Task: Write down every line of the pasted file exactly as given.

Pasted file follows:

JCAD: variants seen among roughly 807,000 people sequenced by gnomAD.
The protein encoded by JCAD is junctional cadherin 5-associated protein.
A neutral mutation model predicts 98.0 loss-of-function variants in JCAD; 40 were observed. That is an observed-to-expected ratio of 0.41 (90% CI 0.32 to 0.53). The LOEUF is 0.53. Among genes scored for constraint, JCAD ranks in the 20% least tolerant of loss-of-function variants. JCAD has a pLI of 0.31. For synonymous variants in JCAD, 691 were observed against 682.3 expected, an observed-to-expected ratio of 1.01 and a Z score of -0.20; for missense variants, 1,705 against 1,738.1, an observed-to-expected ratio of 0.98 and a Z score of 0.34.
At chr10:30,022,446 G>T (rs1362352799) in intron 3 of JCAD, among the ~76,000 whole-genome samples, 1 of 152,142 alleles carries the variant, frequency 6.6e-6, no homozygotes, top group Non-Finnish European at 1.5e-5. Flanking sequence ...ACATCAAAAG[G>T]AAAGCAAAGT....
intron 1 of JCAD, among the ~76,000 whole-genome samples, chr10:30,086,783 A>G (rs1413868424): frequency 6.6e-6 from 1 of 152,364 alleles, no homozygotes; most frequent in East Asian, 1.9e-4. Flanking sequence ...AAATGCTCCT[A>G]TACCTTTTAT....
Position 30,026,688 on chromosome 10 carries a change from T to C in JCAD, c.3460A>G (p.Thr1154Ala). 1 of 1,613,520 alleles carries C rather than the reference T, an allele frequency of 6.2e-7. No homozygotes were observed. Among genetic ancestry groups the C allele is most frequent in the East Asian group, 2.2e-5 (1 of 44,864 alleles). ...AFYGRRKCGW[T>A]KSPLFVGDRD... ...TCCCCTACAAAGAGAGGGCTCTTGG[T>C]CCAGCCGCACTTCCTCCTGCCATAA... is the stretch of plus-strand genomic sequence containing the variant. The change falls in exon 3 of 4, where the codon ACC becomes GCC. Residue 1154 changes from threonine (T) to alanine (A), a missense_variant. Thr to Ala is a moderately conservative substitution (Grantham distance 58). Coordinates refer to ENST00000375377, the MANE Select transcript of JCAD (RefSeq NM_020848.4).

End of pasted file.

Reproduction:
JCAD: variants seen among roughly 807,000 people sequenced by gnomAD.
The protein encoded by JCAD is junctional cadherin 5-associated protein.
A neutral mutation model predicts 98.0 loss-of-function variants in JCAD; 40 were observed. That is an observed-to-expected ratio of 0.41 (90% CI 0.32 to 0.53). The LOEUF is 0.53. Among genes scored for constraint, JCAD ranks in the 20% least tolerant of loss-of-function variants. JCAD has a pLI of 0.31. For synonymous variants in JCAD, 691 were observed against 682.3 expected, an observed-to-expected ratio of 1.01 and a Z score of -0.20; for missense variants, 1,705 against 1,738.1, an observed-to-expected ratio of 0.98 and a Z score of 0.34.
At chr10:30,022,446 G>T (rs1362352799) in intron 3 of JCAD, among the ~76,000 whole-genome samples, 1 of 152,142 alleles carries the variant, frequency 6.6e-6, no homozygotes, top group Non-Finnish European at 1.5e-5. Flanking sequence ...ACATCAAAAG[G>T]AAAGCAAAGT....
intron 1 of JCAD, among the ~76,000 whole-genome samples, chr10:30,086,783 A>G (rs1413868424): frequency 6.6e-6 from 1 of 152,364 alleles, no homozygotes; most frequent in East Asian, 1.9e-4. Flanking sequence ...AAATGCTCCT[A>G]TACCTTTTAT....
Position 30,026,688 on chromosome 10 carries a change from T to C in JCAD, c.3460A>G (p.Thr1154Ala). 1 of 1,613,520 alleles carries C rather than the reference T, an allele frequency of 6.2e-7. No homozygotes were observed. Among genetic ancestry groups the C allele is most frequent in the East Asian group, 2.2e-5 (1 of 44,864 alleles). ...AFYGRRKCGW[T>A]KSPLFVGDRD... ...TCCCCTACAAAGAGAGGGCTCTTGG[T>C]CCAGCCGCACTTCCTCCTGCCATAA... is the stretch of plus-strand genomic sequence containing the variant. The change falls in exon 3 of 4, where the codon ACC becomes GCC. Residue 1154 changes from threonine (T) to alanine (A), a missense_variant. Thr to Ala is a moderately conservative substitution (Grantham distance 58). Coordinates refer to ENST00000375377, the MANE Select transcript of JCAD (RefSeq NM_020848.4).